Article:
Findings raise further doubts over advice to avoid butter, full-fat milk and other meat and dairy products
Researchers looked through hundreds of thousands of health records. They found no statistical link between saturated fat and type 2 diabetes. 1983 guidelines advised us all to cut saturated fat in foods like butter. But some academics are now calling for those guidelines to be scrapped.
People who eat lots of butter or cream are no more likely to have an early death than anyone else, a study suggests.
Researchers trawled through the health records of hundreds of thousands of patients and found no statistical link between eating saturated fat and falling ill with heart disease, strokes or type 2 diabetes.
The findings, published in the British Medical Journal, raise further doubts about 32-year-old guidelines that warn people to avoid butter, full-fat milk and other meat and dairy products with high levels of saturated fats.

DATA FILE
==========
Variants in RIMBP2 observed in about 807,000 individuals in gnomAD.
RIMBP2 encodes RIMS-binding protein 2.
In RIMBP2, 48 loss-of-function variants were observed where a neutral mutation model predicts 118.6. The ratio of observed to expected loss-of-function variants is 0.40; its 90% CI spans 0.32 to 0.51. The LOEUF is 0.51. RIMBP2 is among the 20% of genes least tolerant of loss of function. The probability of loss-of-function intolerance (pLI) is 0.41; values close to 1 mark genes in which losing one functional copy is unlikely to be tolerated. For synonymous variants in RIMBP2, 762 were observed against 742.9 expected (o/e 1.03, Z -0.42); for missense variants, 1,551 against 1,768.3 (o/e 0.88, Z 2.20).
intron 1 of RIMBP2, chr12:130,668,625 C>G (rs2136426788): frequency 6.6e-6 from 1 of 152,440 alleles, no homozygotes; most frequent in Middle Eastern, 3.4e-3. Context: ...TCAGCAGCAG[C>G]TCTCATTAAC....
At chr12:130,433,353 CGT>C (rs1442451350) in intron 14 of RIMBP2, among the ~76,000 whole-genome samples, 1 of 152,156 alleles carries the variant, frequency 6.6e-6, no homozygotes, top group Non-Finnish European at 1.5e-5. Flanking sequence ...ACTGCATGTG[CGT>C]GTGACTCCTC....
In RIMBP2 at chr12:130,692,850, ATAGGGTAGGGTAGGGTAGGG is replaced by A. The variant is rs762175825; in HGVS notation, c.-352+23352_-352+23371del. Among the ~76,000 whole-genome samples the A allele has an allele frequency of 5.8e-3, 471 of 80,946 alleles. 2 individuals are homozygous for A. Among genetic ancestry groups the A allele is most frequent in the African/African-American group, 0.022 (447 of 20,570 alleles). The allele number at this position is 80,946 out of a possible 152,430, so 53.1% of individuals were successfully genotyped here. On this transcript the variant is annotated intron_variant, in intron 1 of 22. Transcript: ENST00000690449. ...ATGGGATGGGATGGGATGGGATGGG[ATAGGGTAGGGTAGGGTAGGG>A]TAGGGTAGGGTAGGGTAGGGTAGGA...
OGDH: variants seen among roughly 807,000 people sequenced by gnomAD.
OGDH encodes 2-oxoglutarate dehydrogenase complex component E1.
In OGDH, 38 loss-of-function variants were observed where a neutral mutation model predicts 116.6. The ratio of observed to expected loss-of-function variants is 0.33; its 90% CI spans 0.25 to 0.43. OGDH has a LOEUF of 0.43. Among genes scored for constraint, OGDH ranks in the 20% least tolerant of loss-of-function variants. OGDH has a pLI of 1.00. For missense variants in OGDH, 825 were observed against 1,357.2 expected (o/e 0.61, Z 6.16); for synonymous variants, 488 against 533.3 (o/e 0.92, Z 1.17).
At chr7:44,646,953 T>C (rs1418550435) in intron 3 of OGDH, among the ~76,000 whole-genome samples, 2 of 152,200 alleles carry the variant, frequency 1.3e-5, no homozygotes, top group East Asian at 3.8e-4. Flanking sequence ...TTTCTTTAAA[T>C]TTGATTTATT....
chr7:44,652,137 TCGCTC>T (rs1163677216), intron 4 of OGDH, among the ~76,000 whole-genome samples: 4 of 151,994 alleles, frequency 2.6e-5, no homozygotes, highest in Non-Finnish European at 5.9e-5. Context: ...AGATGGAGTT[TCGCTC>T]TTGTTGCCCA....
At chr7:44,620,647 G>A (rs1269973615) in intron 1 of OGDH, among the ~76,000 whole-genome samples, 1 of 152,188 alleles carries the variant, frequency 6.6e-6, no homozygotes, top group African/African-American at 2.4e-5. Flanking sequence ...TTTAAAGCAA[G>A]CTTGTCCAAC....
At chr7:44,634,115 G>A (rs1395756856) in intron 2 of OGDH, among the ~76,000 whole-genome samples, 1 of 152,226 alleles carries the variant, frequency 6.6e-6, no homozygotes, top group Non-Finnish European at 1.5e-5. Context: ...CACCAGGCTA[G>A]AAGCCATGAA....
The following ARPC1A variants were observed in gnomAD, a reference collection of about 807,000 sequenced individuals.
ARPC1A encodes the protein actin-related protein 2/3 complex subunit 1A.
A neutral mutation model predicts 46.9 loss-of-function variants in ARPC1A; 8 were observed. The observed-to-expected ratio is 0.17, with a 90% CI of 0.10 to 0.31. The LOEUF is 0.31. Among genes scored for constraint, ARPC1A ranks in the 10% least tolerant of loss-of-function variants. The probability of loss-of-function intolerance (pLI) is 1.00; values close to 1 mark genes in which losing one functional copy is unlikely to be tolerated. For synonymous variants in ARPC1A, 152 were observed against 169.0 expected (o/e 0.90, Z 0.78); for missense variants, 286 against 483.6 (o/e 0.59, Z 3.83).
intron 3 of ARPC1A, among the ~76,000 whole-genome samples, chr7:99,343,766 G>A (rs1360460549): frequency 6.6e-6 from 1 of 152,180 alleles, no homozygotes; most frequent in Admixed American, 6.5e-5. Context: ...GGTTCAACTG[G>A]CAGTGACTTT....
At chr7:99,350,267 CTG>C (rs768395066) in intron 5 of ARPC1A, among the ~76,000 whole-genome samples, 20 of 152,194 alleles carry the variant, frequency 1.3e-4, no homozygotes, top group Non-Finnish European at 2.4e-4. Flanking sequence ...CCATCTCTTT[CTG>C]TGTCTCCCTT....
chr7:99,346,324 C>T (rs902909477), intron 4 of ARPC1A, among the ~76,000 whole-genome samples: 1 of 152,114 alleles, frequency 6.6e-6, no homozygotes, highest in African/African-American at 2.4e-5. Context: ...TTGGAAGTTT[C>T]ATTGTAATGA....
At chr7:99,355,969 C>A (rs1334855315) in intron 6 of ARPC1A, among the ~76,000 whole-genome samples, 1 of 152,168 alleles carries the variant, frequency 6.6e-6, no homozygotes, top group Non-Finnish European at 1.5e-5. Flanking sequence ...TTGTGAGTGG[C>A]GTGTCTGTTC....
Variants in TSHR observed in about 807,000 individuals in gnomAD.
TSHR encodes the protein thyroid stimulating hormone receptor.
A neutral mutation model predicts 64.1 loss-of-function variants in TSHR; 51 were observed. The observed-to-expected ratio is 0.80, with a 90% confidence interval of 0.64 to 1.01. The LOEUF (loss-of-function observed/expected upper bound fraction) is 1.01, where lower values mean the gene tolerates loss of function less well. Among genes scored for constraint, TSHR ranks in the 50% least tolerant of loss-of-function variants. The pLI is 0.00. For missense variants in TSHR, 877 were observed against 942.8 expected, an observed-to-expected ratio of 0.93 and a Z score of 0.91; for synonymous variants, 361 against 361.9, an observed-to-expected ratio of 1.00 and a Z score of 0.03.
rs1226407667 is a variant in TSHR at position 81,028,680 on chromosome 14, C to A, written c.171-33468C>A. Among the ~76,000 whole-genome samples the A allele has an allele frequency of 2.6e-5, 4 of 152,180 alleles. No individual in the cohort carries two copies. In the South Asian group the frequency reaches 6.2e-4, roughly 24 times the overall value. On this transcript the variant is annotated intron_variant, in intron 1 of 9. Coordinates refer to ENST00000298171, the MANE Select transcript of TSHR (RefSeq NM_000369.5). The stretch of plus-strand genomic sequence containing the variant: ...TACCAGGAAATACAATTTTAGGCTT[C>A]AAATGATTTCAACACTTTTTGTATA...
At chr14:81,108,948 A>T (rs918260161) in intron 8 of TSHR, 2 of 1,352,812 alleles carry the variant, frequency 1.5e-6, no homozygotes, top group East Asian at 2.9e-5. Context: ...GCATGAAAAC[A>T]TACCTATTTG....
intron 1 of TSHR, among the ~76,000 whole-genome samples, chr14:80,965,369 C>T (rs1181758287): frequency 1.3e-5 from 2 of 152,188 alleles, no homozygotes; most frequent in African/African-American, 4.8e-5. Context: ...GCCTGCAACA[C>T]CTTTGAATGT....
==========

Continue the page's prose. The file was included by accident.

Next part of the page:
Britons were advised in 1983 to cut their fat intake to 30 per cent of their total energy, and saturated fat intake to 10 per cent, while increasing the amount of carbohydrates they ate.
But the latest evidence suggests that saturated fats may not be bad for you after all.
Academics at McMaster University in Hamilton, Canada, looked at 12 previous studies, involving between 90,000 and 340,000 patients in each study, and calculated the overall link between saturated fat and different health conditions.
They could see no link to coronary heart disease, cardiovascular disease, ischaemic stroke or type 2 diabetes.
There was also no link to overall death, but their data was not strong enough for the team to confidently rule out an increased risk of death from coronary heart disease.
Professor Iain Broom, of the Robert Gordon University in Aberdeen, said yesterday: ‘It is now time for the UK Government to grasp the nettle and stop an uncontrolled experiment, which has gone global and may have had bad outcomes in terms of the obesity explosion and creating a more unhealthy nation with the current idea of “healthy eating”.’
But not everyone is convinced by the findings. Professor Tom Sanders, of King’s College London, said: ‘It would be foolish to interpret these findings to suggest that it is OK to eat lots of fatty meat, lashings of cream and oodles of butter.
‘Death rates from cardiovascular disease have fallen in the UK by about 55 per cent since 1997, despite the rise in obesity.’
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